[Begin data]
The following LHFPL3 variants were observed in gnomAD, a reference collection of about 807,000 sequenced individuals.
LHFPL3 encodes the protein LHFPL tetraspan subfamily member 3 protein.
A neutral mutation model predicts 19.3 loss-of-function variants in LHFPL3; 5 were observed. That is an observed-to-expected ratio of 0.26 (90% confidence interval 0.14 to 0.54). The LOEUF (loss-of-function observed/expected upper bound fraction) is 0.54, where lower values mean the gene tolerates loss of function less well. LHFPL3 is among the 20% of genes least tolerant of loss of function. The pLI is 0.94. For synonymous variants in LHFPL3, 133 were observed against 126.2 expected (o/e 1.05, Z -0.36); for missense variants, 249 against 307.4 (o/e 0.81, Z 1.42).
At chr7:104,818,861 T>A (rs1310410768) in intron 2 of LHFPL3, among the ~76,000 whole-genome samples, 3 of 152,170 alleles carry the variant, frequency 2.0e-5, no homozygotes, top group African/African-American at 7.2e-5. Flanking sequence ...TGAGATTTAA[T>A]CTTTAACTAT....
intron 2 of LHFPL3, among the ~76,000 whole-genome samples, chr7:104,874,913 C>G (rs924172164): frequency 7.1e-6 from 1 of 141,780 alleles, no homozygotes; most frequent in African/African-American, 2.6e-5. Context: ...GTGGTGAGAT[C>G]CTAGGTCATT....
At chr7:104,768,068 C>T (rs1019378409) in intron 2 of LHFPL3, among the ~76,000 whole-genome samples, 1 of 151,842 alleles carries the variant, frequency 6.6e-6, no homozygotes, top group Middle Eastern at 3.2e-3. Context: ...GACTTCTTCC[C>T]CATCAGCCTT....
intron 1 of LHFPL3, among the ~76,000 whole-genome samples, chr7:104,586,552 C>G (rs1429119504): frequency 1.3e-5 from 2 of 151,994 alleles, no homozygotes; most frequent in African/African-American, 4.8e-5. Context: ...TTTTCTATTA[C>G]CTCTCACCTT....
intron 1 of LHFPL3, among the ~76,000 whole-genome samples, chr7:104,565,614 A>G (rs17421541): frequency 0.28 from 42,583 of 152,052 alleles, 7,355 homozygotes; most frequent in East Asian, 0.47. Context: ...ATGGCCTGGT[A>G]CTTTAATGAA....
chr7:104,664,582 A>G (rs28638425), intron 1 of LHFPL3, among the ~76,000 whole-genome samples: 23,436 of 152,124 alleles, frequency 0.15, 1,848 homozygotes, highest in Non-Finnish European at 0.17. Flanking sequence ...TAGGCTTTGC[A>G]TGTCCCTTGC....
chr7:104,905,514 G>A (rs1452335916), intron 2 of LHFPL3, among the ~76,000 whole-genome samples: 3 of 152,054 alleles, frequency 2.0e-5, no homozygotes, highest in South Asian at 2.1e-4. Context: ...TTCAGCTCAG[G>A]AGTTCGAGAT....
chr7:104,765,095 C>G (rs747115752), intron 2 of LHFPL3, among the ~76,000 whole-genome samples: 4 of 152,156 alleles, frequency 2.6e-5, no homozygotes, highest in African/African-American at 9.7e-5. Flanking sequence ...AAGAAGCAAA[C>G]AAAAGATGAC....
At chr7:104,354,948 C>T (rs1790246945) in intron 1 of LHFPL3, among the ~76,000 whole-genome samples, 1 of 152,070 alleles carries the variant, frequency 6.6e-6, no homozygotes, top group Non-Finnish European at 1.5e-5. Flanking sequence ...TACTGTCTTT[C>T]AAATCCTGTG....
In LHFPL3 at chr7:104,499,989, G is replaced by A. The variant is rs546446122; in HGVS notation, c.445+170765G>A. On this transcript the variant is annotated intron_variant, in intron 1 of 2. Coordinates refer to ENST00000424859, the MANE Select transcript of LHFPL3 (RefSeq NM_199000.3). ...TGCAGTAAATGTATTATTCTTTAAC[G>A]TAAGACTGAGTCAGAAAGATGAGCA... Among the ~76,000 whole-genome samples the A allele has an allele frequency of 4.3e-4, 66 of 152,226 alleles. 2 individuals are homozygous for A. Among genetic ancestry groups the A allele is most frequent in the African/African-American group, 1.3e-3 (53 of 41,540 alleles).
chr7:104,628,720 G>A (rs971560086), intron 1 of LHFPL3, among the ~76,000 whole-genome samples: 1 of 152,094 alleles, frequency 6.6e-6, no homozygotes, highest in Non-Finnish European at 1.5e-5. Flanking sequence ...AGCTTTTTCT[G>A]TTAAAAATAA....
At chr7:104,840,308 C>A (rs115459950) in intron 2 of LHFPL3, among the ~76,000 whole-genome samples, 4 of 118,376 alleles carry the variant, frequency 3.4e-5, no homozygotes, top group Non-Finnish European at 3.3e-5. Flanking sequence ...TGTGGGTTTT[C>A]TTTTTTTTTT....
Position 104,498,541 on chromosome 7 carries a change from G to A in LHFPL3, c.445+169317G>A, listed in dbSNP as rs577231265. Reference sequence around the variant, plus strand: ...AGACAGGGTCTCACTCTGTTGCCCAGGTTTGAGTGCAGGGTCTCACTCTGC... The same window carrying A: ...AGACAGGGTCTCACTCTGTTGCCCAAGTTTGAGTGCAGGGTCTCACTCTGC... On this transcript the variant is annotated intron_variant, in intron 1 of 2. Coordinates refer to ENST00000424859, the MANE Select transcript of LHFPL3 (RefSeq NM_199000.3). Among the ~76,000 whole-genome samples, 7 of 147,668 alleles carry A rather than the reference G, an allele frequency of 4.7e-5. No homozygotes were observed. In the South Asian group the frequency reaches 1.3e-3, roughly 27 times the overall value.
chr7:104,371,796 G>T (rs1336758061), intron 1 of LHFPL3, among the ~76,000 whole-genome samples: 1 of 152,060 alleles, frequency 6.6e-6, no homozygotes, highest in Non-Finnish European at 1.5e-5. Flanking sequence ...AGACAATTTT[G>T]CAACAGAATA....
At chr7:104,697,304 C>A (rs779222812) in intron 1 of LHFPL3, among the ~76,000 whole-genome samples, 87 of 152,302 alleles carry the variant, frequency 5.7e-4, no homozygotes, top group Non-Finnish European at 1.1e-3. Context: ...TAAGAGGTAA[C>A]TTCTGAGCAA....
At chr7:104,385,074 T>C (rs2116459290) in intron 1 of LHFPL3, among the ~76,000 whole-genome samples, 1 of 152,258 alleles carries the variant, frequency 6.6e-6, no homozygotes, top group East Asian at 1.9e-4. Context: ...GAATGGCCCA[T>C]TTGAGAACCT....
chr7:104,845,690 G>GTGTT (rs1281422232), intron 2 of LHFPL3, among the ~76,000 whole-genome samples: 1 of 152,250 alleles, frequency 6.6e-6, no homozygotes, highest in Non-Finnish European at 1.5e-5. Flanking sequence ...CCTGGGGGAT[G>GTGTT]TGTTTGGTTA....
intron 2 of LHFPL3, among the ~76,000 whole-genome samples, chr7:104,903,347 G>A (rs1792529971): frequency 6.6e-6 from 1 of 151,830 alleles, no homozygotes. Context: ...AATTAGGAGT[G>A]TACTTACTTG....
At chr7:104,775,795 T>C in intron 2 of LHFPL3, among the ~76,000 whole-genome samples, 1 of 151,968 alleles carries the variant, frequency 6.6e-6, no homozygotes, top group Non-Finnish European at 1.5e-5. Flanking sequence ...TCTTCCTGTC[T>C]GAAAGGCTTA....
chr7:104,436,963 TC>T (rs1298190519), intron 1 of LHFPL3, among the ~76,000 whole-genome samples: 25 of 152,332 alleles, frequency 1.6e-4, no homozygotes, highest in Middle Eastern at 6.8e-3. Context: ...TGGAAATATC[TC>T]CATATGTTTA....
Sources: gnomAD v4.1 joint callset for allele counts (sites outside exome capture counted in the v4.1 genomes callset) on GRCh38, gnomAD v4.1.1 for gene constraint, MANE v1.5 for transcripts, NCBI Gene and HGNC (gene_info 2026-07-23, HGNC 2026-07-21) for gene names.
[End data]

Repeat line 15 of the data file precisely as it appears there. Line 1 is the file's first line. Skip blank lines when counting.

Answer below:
At chr7:104,840,308 C>A (rs115459950) in intron 2 of LHFPL3, among the ~76,000 whole-genome samples, 4 of 118,376 alleles carry the variant, frequency 3.4e-5, no homozygotes, top group Non-Finnish European at 3.3e-5. Flanking sequence ...TGTGGGTTTT[C>A]TTTTTTTTTT....